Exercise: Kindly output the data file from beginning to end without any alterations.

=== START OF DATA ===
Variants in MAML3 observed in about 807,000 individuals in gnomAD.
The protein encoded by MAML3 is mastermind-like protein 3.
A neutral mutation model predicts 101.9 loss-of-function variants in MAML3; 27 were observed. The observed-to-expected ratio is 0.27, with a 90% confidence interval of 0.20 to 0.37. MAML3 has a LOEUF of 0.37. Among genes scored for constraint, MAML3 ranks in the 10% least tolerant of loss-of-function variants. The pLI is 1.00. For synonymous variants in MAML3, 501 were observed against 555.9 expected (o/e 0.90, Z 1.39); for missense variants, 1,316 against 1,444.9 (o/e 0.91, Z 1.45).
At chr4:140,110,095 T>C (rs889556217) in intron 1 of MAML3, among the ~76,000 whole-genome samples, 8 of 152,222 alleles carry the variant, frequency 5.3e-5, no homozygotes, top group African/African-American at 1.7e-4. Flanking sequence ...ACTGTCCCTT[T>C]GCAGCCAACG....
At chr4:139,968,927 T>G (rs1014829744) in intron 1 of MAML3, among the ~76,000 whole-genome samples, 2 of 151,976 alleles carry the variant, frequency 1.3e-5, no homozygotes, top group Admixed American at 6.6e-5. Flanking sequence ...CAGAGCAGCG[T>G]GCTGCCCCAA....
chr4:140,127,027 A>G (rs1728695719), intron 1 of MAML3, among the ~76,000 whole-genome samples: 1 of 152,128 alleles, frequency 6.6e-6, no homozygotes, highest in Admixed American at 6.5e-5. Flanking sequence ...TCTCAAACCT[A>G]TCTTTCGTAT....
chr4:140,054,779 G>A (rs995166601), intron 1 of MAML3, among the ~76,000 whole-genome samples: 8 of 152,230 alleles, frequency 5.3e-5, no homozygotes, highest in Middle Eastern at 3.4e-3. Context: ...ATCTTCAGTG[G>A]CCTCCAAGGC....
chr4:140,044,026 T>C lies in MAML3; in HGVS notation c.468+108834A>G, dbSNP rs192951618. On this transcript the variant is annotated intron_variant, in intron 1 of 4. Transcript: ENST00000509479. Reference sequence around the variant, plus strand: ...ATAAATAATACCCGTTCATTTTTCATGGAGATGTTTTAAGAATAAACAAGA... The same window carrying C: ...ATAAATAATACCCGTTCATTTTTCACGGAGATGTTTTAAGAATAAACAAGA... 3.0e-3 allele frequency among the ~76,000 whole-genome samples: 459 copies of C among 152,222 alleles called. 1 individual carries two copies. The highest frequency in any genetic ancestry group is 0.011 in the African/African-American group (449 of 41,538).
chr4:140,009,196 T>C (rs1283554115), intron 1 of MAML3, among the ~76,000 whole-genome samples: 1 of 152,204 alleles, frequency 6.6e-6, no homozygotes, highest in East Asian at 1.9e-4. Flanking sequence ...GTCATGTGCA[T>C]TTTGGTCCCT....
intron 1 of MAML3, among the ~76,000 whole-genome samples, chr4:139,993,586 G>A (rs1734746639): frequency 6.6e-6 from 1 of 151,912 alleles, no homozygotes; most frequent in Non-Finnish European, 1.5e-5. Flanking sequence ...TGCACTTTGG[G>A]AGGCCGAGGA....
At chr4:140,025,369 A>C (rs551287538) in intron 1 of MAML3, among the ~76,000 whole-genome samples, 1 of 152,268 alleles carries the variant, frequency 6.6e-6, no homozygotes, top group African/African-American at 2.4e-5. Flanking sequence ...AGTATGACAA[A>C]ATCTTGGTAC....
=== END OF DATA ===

Variants in MAML3 observed in about 807,000 individuals in gnomAD.
The protein encoded by MAML3 is mastermind-like protein 3.
A neutral mutation model predicts 101.9 loss-of-function variants in MAML3; 27 were observed. The observed-to-expected ratio is 0.27, with a 90% confidence interval of 0.20 to 0.37. MAML3 has a LOEUF of 0.37. Among genes scored for constraint, MAML3 ranks in the 10% least tolerant of loss-of-function variants. The pLI is 1.00. For synonymous variants in MAML3, 501 were observed against 555.9 expected (o/e 0.90, Z 1.39); for missense variants, 1,316 against 1,444.9 (o/e 0.91, Z 1.45).
At chr4:140,110,095 T>C (rs889556217) in intron 1 of MAML3, among the ~76,000 whole-genome samples, 8 of 152,222 alleles carry the variant, frequency 5.3e-5, no homozygotes, top group African/African-American at 1.7e-4. Flanking sequence ...ACTGTCCCTT[T>C]GCAGCCAACG....
At chr4:139,968,927 T>G (rs1014829744) in intron 1 of MAML3, among the ~76,000 whole-genome samples, 2 of 151,976 alleles carry the variant, frequency 1.3e-5, no homozygotes, top group Admixed American at 6.6e-5. Flanking sequence ...CAGAGCAGCG[T>G]GCTGCCCCAA....
chr4:140,127,027 A>G (rs1728695719), intron 1 of MAML3, among the ~76,000 whole-genome samples: 1 of 152,128 alleles, frequency 6.6e-6, no homozygotes, highest in Admixed American at 6.5e-5. Flanking sequence ...TCTCAAACCT[A>G]TCTTTCGTAT....
chr4:140,054,779 G>A (rs995166601), intron 1 of MAML3, among the ~76,000 whole-genome samples: 8 of 152,230 alleles, frequency 5.3e-5, no homozygotes, highest in Middle Eastern at 3.4e-3. Context: ...ATCTTCAGTG[G>A]CCTCCAAGGC....
chr4:140,044,026 T>C lies in MAML3; in HGVS notation c.468+108834A>G, dbSNP rs192951618. On this transcript the variant is annotated intron_variant, in intron 1 of 4. Transcript: ENST00000509479. Reference sequence around the variant, plus strand: ...ATAAATAATACCCGTTCATTTTTCATGGAGATGTTTTAAGAATAAACAAGA... The same window carrying C: ...ATAAATAATACCCGTTCATTTTTCACGGAGATGTTTTAAGAATAAACAAGA... 3.0e-3 allele frequency among the ~76,000 whole-genome samples: 459 copies of C among 152,222 alleles called. 1 individual carries two copies. The highest frequency in any genetic ancestry group is 0.011 in the African/African-American group (449 of 41,538).
chr4:140,009,196 T>C (rs1283554115), intron 1 of MAML3, among the ~76,000 whole-genome samples: 1 of 152,204 alleles, frequency 6.6e-6, no homozygotes, highest in East Asian at 1.9e-4. Flanking sequence ...GTCATGTGCA[T>C]TTTGGTCCCT....
intron 1 of MAML3, among the ~76,000 whole-genome samples, chr4:139,993,586 G>A (rs1734746639): frequency 6.6e-6 from 1 of 151,912 alleles, no homozygotes; most frequent in Non-Finnish European, 1.5e-5. Flanking sequence ...TGCACTTTGG[G>A]AGGCCGAGGA....
At chr4:140,025,369 A>C (rs551287538) in intron 1 of MAML3, among the ~76,000 whole-genome samples, 1 of 152,268 alleles carries the variant, frequency 6.6e-6, no homozygotes, top group African/African-American at 2.4e-5. Flanking sequence ...AGTATGACAA[A>C]ATCTTGGTAC....